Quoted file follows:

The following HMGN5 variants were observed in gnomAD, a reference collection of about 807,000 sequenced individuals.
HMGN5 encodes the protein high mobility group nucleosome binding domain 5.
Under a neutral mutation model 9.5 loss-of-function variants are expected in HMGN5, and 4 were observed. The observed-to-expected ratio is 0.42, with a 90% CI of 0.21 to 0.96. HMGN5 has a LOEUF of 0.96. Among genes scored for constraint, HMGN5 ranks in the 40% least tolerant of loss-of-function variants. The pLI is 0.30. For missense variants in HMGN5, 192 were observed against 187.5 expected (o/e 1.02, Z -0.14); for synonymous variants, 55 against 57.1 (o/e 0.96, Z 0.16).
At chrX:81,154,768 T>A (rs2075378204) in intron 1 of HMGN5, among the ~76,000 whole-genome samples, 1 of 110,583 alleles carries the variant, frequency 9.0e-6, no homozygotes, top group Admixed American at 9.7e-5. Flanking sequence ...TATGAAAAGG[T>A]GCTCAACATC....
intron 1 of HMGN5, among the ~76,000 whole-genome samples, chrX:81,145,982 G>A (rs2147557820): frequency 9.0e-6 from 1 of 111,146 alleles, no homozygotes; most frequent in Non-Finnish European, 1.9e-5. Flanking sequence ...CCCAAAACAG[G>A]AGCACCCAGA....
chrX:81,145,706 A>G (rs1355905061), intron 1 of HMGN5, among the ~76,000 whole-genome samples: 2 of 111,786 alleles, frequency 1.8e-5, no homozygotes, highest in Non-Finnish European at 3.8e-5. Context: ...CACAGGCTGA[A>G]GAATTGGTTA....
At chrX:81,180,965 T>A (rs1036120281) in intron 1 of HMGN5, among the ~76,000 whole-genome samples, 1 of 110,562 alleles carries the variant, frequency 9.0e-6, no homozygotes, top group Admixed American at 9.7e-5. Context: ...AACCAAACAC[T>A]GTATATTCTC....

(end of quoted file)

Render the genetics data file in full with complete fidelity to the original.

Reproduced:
The following HMGN5 variants were observed in gnomAD, a reference collection of about 807,000 sequenced individuals.
HMGN5 encodes the protein high mobility group nucleosome binding domain 5.
Under a neutral mutation model 9.5 loss-of-function variants are expected in HMGN5, and 4 were observed. The observed-to-expected ratio is 0.42, with a 90% CI of 0.21 to 0.96. HMGN5 has a LOEUF of 0.96. Among genes scored for constraint, HMGN5 ranks in the 40% least tolerant of loss-of-function variants. The pLI is 0.30. For missense variants in HMGN5, 192 were observed against 187.5 expected (o/e 1.02, Z -0.14); for synonymous variants, 55 against 57.1 (o/e 0.96, Z 0.16).
At chrX:81,154,768 T>A (rs2075378204) in intron 1 of HMGN5, among the ~76,000 whole-genome samples, 1 of 110,583 alleles carries the variant, frequency 9.0e-6, no homozygotes, top group Admixed American at 9.7e-5. Flanking sequence ...TATGAAAAGG[T>A]GCTCAACATC....
intron 1 of HMGN5, among the ~76,000 whole-genome samples, chrX:81,145,982 G>A (rs2147557820): frequency 9.0e-6 from 1 of 111,146 alleles, no homozygotes; most frequent in Non-Finnish European, 1.9e-5. Flanking sequence ...CCCAAAACAG[G>A]AGCACCCAGA....
chrX:81,145,706 A>G (rs1355905061), intron 1 of HMGN5, among the ~76,000 whole-genome samples: 2 of 111,786 alleles, frequency 1.8e-5, no homozygotes, highest in Non-Finnish European at 3.8e-5. Context: ...CACAGGCTGA[A>G]GAATTGGTTA....
At chrX:81,180,965 T>A (rs1036120281) in intron 1 of HMGN5, among the ~76,000 whole-genome samples, 1 of 110,562 alleles carries the variant, frequency 9.0e-6, no homozygotes, top group Admixed American at 9.7e-5. Context: ...AACCAAACAC[T>A]GTATATTCTC....